Mamie Locke

Governing is difficult even under the best of circumstances. As African American History Month dawned on February 1st, we learned of a very disturbing photograph posted on the 1984 medical school yearbook page of Governor Ralph Northam. The photo was of two individuals, one in black face and the other in a Ku Klux Klan robe. As an African American, I was very offended by this photograph. This was followed by sexual assault allegations against the Lt. Governor Justin Fairfax which he has denied. The most recent bombshell was an admission by Attorney General Mark Herring that he appeared in in black (brown?) face at age nineteen 39 years age while a college student. To say that all these revelations and allegations are distractions from the business of the General Assembly session is an understatement. It is distressing to the citizens of the Commonwealth, legislators, and the African American community. It is completely undermining our ability to do the work we were sent her to do. We all believe in concepts of forgiveness and redemption. It will take time, maybe even distance from the issue to begin that process. The history and past of the African American community has been filled with the ridicule of minstrels and blackface and the terror and intimidation of the Ku Klux Klan. It is painful and difficult and woven into the fabric of Virginia’s racial history of the not so distant past. Those who do not remember the past are doomed to repeat it. As we embark upon the 400th Anniversary of the first landing of the permanent settlement of Africans in North America, landing at Fort Monroe in 1619, it is an opportune time to begin discussions of that history, reflect on it, and begin the process of healing and reconciliation in earnest.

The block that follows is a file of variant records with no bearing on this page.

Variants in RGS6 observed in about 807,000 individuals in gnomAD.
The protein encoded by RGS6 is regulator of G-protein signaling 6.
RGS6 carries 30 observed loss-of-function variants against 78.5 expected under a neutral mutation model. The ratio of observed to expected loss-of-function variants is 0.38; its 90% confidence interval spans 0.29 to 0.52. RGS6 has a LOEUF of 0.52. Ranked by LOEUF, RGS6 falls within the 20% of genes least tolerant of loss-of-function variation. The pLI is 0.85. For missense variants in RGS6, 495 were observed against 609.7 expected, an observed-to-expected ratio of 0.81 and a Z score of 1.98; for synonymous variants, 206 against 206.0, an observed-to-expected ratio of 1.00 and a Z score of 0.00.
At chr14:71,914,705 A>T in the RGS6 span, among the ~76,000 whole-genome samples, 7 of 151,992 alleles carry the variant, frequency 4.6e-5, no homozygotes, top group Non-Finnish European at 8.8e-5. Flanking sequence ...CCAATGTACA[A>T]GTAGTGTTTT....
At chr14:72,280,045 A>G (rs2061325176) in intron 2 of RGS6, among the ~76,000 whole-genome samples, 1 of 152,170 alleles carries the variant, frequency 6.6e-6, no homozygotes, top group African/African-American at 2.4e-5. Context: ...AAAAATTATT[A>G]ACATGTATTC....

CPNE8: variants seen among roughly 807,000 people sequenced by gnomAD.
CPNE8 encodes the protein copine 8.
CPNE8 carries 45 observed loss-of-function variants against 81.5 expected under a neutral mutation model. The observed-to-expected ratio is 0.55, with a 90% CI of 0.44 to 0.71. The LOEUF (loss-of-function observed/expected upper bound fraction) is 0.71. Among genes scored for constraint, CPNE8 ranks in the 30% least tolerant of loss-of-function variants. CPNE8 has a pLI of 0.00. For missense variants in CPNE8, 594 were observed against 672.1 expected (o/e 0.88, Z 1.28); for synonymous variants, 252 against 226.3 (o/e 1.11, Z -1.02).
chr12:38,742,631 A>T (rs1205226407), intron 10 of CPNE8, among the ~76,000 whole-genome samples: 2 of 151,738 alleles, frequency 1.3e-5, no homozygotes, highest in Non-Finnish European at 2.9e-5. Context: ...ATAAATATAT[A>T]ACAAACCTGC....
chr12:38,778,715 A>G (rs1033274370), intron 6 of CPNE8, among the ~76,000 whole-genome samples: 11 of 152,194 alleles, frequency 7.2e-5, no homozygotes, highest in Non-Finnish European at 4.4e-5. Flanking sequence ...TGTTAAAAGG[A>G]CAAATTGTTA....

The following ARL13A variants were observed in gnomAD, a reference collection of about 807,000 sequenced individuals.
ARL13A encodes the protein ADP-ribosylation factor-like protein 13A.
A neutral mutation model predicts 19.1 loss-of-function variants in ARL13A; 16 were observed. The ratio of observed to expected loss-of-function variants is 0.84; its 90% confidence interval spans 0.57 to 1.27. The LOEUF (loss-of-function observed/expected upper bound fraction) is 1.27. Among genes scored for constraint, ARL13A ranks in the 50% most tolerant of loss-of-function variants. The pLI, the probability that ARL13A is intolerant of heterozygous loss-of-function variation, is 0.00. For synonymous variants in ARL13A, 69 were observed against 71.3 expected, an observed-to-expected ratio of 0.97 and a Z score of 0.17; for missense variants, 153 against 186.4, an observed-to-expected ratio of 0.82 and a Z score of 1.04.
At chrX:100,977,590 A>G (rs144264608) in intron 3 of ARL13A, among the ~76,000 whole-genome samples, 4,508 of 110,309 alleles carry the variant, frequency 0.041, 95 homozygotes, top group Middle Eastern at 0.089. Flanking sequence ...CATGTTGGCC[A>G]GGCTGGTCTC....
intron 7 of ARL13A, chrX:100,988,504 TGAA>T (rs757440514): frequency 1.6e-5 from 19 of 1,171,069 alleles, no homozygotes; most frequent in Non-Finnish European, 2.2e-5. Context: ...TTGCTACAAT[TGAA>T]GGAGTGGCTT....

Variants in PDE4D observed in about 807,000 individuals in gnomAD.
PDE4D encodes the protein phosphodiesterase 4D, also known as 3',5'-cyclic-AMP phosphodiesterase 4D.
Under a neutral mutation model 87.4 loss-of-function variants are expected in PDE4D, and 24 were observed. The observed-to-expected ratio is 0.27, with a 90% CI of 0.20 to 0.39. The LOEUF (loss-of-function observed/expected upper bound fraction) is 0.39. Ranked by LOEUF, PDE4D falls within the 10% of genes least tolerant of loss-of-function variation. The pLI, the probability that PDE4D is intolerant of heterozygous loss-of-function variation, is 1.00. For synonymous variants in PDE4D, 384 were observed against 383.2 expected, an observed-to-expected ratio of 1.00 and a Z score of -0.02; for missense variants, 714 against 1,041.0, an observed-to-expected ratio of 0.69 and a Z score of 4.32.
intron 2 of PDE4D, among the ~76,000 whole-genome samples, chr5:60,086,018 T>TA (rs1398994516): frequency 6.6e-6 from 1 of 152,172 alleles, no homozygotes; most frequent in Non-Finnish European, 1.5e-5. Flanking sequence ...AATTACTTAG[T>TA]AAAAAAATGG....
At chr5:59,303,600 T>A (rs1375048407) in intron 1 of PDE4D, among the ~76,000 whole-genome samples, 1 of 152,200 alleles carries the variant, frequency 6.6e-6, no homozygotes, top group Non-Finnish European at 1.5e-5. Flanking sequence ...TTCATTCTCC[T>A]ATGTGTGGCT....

This is also the 400th Anniversary of the General Assembly. We are here to do the business of the people and should continue to do so. We certainly cannot put a pin in it and wait for other matters to settle. We must continue to work on amendments to the budget, tax reform, evictions, raises for teachers and state employees, economic development issues, and more. We must remain vigilant and focused on why we are here and work toward completing the work of the legislative session. We are not daunted. As paraphrased from the words in the poem “Invictus”, we all must remain vigilant and the masters of our fate and the captains of our souls.

I am here to do the work of the 2nd Senate District. Please contact me and let your voices be heard.


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Campaign Office

2019 Cunningham Drive
Suite 218

Hampton, VA 23666
Phone: 757-224-4415 

Capitol Office

Senator Mamie E. Locke
900 East Main Street
Pocahontas Building
Room E510
Richmond, VA 23219

Mailing Address:
P. O. Box 396
Richmond, VA 23218

Phone: 804-698-7502
Fax: 804-698-7651


Legislative Assistant:
Theressa Parker

District Office

Locke for State Senate
P. O. Box 9048
Hampton, VA 23670
Phone: 757-825-5880
Fax: 757-825-7327